'What would Al Gore do?'

Helen and Gerald Goode, the mom and dad in ABC's new prime-time cartoon "The Goode Family," use the mantra "W.W.A.G.D." — or, "What would Al Gore do?" — to guide their every action.

They struggle to minimize their carbon footprint, raise ecologically and politically conscious kids and be sensitive to their Black, err, African American, err, Person of Color neighbor.

For Ashlanders, the series' depiction of the Goode family will probably strike close to home.

The Goodes try to do everything right. They have solar panels on their home, a front yard planted with vegetables and an outdoor shower with water heated by the sun.

But as Helen laments, "Being good is so hard."

Their emaciated vegan dog Che is secretly wolfing down pets in the neighborhood, their adopted son from Africa turns out to be a white South African and the mere act of grocery shopping becomes a tightwire act where any misstep can spell disaster.

Gerald asks Helen to shop at "Save Big" instead of the pricey "One Earth" organic food store. She protests, "We can't shop there! They don't even have a mission statement."

At "One Earth," a voice over the store intercom exhorts shoppers to check out a reader board that lists eco-friendly food options "to see how you can limit the impact of your existence."

Helen arrives at the check out counter with a small pile of groceries — total tab $146.57 — only to find that she has forgotten to bring along a reusable shopping bag. That sets off a store alarm and earns her glares from the other shoppers, who are toting their own reusable bags emblazoned with sayings like, "An inconvenient bag."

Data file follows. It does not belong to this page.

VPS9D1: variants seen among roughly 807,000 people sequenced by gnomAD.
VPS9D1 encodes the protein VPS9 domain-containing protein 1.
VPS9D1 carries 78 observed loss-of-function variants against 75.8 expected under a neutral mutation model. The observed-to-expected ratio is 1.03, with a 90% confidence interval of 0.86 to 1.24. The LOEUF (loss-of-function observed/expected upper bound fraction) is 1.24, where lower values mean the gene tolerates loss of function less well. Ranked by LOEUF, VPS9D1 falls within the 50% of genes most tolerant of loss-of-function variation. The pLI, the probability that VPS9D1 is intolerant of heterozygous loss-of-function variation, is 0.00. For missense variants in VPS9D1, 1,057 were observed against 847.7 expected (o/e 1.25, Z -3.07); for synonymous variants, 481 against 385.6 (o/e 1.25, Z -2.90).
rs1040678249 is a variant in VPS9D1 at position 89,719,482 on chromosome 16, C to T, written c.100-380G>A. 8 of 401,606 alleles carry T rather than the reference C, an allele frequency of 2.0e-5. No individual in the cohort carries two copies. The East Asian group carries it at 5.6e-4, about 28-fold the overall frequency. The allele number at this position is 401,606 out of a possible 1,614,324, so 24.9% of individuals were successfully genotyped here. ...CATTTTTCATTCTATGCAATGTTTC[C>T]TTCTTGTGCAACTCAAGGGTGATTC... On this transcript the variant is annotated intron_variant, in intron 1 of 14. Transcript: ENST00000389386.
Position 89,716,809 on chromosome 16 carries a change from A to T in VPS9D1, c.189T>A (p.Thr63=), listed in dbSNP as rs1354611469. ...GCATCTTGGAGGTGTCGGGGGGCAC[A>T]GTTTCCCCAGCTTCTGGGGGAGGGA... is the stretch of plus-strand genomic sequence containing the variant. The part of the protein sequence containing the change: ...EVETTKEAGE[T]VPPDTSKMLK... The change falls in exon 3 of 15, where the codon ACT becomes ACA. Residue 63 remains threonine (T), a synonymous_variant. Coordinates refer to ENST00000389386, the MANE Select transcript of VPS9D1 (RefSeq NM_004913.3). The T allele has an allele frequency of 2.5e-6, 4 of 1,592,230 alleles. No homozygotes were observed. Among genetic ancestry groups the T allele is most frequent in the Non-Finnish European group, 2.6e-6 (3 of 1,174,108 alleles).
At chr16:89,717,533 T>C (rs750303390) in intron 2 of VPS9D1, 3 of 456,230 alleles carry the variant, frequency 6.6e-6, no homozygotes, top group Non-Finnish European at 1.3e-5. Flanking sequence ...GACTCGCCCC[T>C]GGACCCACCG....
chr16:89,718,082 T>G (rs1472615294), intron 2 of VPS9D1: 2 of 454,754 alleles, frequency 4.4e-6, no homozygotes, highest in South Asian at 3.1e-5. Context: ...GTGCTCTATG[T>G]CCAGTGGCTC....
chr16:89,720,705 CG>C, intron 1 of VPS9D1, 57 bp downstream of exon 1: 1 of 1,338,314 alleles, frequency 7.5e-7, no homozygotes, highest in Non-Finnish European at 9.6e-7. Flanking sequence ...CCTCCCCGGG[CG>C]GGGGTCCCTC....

Although the show pokes fun at people who are trying to live a green lifestyle, other groups don't get off the hook.

Driven by Helen's awkward attempts to start conversations about sex, the Goodes' daughter Bliss joins an abstinence club. Bliss and Gerald go to a father-daughter Purity Ball, only to be creeped out by a ceremony where Bliss is supposed to present her father with a ring representing her virginity that he will safeguard until her wedding night.

They place a quick call to Ubuntu, the teenage South African son, and ask him to rescue them. As a gas-saving measure, Ubuntu is only allowed to drive the family's hybrid car during emergencies. He relishes the opportunity to speed to their rescue and whisk them away from the Purity Ball, but then adds, "Sorry I used so much gas, Dad."

"It's OK, Ubuntu," Gerald responds. "What's important is that you feel guilty about it."

"The Goode Family" premiered on Wednesday at 9 p.m. and, predictably, within minutes after it was done, people began writing posts on ABC's Internet message board lambasting the show. Although some praised its humor, the bulk of the comments from the public either came from people hailing it for attacking "hippie tree-huggers" or calling it a smut-filled assault on Christian families that is cleverly disguised as a cartoon to lure in innocent children.

Those types of comments, of course, miss the mark. Mike Judge, who co-created the series, also created "King of the Hill." That cartoon points out the foibles of an average American family, but always depicts them as decent people who love each other. Members of the Goode family are portrayed in the same way.

As with most good comedy, we'll recognize our friends, neighbors, relatives and ourselves in the show. For me, it also brought back memories of living with an excessively eco-conscious roommate during graduate school at the University of Oregon. He adhered religiously to the principle of flushing the toilet only when necessary. (Not a major bowel movement? Then not necessary.) The next episode of "The Goode Family" airs at 9 p.m. this coming Wednesday. Don't forget the organic, locally grown, sustainably harvested popcorn.

Tidings staff writer Vickie Aldous and Tidings correspondent Angela Howe-Decker alternate as author of the weekly column Quills & Queues.

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